Design Studio FS2012 | Arcadian Thames

Design Studio FS2012 | Arcadian Thames
June 24, 2012 Luisa Overath

The studio was run by Guest Professor Eelco Hooftman, teacher at Harvard GSD, and acts as a laboratory to develop new ideas and concepts for Arcadia in the 21st century.


Prof. Eelco Hooftman


Philipp Urech, Ilmar Hurkxkens


Stefan Hasler, Roland Hasler, Debora Heitz, Oussa Kang, Sandra Misteli, Fabian Reimer, Verena Stecher, Vanessa Werder, Nina Özgür, Nathalie Pietrzko, Daniel Pflaum


llmar Hurkxkens


Emerging concepts of nature for the metropolitan landscape along the river Thames

The Arcadian Thames provides a unique open space resource for London and is one of the World’s most significant and inspirational metropolitan river landscapes. The interrelationship between riverside setting, topography and built form created a landscape which is representative of a classical Arcadian ideal; an urbanised landscape developed in conjunction with the emerging principles of the English landscape Style and only matched with some of the finest in Europe such as the river Seine in Paris, River Tiber in Rome and the Arno Valley in and around Florence. Whilst Arcadia refers back to the classic pastoral ideal of man’s relation to nature – such as expressed in poems by Virgil and paintings by Poussin – it also could be an inspiration to look forward and reinterpret arcadia into a new 21st century ideal of how cities could interact with nature. Such vision is about creating new conditions in which landscape is not an object but a process; nature activation instead of the more traditional nature conservation.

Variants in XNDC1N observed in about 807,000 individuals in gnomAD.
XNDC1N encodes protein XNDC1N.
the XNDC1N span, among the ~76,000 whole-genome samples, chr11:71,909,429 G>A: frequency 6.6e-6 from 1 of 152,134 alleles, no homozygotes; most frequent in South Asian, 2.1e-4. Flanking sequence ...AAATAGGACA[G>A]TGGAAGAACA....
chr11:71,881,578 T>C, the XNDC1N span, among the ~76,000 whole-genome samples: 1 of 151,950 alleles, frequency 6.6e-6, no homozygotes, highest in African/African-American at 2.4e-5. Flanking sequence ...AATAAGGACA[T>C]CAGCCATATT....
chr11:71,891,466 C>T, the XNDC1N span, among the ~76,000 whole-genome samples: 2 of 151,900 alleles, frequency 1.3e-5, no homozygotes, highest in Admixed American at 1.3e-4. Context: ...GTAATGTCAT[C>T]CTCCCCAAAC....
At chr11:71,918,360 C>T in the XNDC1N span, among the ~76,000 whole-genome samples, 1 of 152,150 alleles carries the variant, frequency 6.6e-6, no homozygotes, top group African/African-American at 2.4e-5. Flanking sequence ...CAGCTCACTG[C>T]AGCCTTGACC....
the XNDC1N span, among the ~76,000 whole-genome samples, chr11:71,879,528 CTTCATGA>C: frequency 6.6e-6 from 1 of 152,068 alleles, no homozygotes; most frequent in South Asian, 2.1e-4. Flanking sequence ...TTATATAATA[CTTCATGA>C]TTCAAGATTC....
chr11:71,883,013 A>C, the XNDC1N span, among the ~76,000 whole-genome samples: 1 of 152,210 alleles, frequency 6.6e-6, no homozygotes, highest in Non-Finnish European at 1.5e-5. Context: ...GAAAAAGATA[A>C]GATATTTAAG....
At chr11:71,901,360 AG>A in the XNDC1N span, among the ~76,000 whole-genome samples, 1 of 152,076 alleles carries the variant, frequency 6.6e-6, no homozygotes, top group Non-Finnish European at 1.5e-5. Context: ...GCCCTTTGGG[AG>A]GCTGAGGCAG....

The transformation of the River Thames back to a more dynamic river floodplain landscape facilitating flood defence, nature development and optimising the potential for recreation and tourism could become a key demonstration project of sustainable living in a challenging time of climate change. A key challenge for the Arcadian Thames of the 21st century will be utilising the natural system of the River Thames and its tributaries not only as a dynamic floodplain with increased capacity for water storage but also where appropriate as a new (urban) frontage. As such the man-made and the natural are no longer opposites but an integral part of a new dynamic equilibrium.

Field Trip London – 2012

Student Work: Vanessa Werder